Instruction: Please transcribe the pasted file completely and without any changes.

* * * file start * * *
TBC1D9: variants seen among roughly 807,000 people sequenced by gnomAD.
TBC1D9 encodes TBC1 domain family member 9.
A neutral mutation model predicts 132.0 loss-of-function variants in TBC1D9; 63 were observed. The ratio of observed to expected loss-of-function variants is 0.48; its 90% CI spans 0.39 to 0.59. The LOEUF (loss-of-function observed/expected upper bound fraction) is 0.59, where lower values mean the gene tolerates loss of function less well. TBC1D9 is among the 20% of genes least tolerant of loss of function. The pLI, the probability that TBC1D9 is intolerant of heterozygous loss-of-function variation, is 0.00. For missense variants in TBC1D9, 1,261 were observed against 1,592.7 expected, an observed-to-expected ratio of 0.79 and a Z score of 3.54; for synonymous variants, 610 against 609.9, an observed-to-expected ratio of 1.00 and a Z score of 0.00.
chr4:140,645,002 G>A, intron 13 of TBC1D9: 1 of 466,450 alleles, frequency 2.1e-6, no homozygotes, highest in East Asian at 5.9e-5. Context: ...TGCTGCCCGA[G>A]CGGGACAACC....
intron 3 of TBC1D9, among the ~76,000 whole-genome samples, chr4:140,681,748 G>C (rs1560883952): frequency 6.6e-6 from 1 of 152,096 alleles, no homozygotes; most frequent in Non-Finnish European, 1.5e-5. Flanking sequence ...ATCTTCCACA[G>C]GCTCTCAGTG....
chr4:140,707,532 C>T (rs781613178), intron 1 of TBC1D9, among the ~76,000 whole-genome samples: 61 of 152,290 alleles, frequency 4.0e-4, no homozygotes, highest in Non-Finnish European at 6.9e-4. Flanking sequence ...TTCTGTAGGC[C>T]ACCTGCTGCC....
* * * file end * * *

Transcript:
TBC1D9: variants seen among roughly 807,000 people sequenced by gnomAD.
TBC1D9 encodes TBC1 domain family member 9.
A neutral mutation model predicts 132.0 loss-of-function variants in TBC1D9; 63 were observed. The ratio of observed to expected loss-of-function variants is 0.48; its 90% CI spans 0.39 to 0.59. The LOEUF (loss-of-function observed/expected upper bound fraction) is 0.59, where lower values mean the gene tolerates loss of function less well. TBC1D9 is among the 20% of genes least tolerant of loss of function. The pLI, the probability that TBC1D9 is intolerant of heterozygous loss-of-function variation, is 0.00. For missense variants in TBC1D9, 1,261 were observed against 1,592.7 expected, an observed-to-expected ratio of 0.79 and a Z score of 3.54; for synonymous variants, 610 against 609.9, an observed-to-expected ratio of 1.00 and a Z score of 0.00.
chr4:140,645,002 G>A, intron 13 of TBC1D9: 1 of 466,450 alleles, frequency 2.1e-6, no homozygotes, highest in East Asian at 5.9e-5. Context: ...TGCTGCCCGA[G>A]CGGGACAACC....
intron 3 of TBC1D9, among the ~76,000 whole-genome samples, chr4:140,681,748 G>C (rs1560883952): frequency 6.6e-6 from 1 of 152,096 alleles, no homozygotes; most frequent in Non-Finnish European, 1.5e-5. Flanking sequence ...ATCTTCCACA[G>C]GCTCTCAGTG....
chr4:140,707,532 C>T (rs781613178), intron 1 of TBC1D9, among the ~76,000 whole-genome samples: 61 of 152,290 alleles, frequency 4.0e-4, no homozygotes, highest in Non-Finnish European at 6.9e-4. Flanking sequence ...TTCTGTAGGC[C>T]ACCTGCTGCC....